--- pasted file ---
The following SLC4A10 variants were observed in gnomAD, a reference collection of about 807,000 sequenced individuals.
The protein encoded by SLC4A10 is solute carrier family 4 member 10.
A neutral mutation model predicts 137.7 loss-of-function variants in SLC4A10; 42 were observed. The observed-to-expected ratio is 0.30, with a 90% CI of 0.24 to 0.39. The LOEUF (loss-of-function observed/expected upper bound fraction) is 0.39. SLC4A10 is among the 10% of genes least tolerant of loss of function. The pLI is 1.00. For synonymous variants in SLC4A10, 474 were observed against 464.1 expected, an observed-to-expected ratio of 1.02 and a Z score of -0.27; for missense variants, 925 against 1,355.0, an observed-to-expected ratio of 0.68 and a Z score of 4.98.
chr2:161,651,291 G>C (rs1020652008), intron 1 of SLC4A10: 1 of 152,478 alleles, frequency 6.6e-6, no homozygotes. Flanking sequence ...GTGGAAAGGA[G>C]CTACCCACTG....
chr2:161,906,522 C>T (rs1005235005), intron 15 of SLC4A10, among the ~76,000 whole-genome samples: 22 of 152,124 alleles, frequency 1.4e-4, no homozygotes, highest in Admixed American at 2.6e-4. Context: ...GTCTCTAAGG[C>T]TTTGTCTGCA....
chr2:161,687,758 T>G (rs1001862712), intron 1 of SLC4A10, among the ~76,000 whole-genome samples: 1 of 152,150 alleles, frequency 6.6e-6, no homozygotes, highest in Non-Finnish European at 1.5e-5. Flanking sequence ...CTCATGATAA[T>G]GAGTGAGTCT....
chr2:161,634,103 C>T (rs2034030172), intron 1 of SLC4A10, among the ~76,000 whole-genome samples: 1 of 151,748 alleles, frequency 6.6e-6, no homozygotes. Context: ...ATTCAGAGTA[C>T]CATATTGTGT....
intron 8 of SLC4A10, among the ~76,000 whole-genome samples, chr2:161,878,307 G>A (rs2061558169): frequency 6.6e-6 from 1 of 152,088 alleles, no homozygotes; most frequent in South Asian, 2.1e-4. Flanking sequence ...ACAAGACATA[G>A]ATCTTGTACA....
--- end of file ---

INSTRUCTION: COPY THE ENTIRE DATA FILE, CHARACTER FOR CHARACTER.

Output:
The following SLC4A10 variants were observed in gnomAD, a reference collection of about 807,000 sequenced individuals.
The protein encoded by SLC4A10 is solute carrier family 4 member 10.
A neutral mutation model predicts 137.7 loss-of-function variants in SLC4A10; 42 were observed. The observed-to-expected ratio is 0.30, with a 90% CI of 0.24 to 0.39. The LOEUF (loss-of-function observed/expected upper bound fraction) is 0.39. SLC4A10 is among the 10% of genes least tolerant of loss of function. The pLI is 1.00. For synonymous variants in SLC4A10, 474 were observed against 464.1 expected, an observed-to-expected ratio of 1.02 and a Z score of -0.27; for missense variants, 925 against 1,355.0, an observed-to-expected ratio of 0.68 and a Z score of 4.98.
chr2:161,651,291 G>C (rs1020652008), intron 1 of SLC4A10: 1 of 152,478 alleles, frequency 6.6e-6, no homozygotes. Flanking sequence ...GTGGAAAGGA[G>C]CTACCCACTG....
chr2:161,906,522 C>T (rs1005235005), intron 15 of SLC4A10, among the ~76,000 whole-genome samples: 22 of 152,124 alleles, frequency 1.4e-4, no homozygotes, highest in Admixed American at 2.6e-4. Context: ...GTCTCTAAGG[C>T]TTTGTCTGCA....
chr2:161,687,758 T>G (rs1001862712), intron 1 of SLC4A10, among the ~76,000 whole-genome samples: 1 of 152,150 alleles, frequency 6.6e-6, no homozygotes, highest in Non-Finnish European at 1.5e-5. Flanking sequence ...CTCATGATAA[T>G]GAGTGAGTCT....
chr2:161,634,103 C>T (rs2034030172), intron 1 of SLC4A10, among the ~76,000 whole-genome samples: 1 of 151,748 alleles, frequency 6.6e-6, no homozygotes. Context: ...ATTCAGAGTA[C>T]CATATTGTGT....
intron 8 of SLC4A10, among the ~76,000 whole-genome samples, chr2:161,878,307 G>A (rs2061558169): frequency 6.6e-6 from 1 of 152,088 alleles, no homozygotes; most frequent in South Asian, 2.1e-4. Flanking sequence ...ACAAGACATA[G>A]ATCTTGTACA....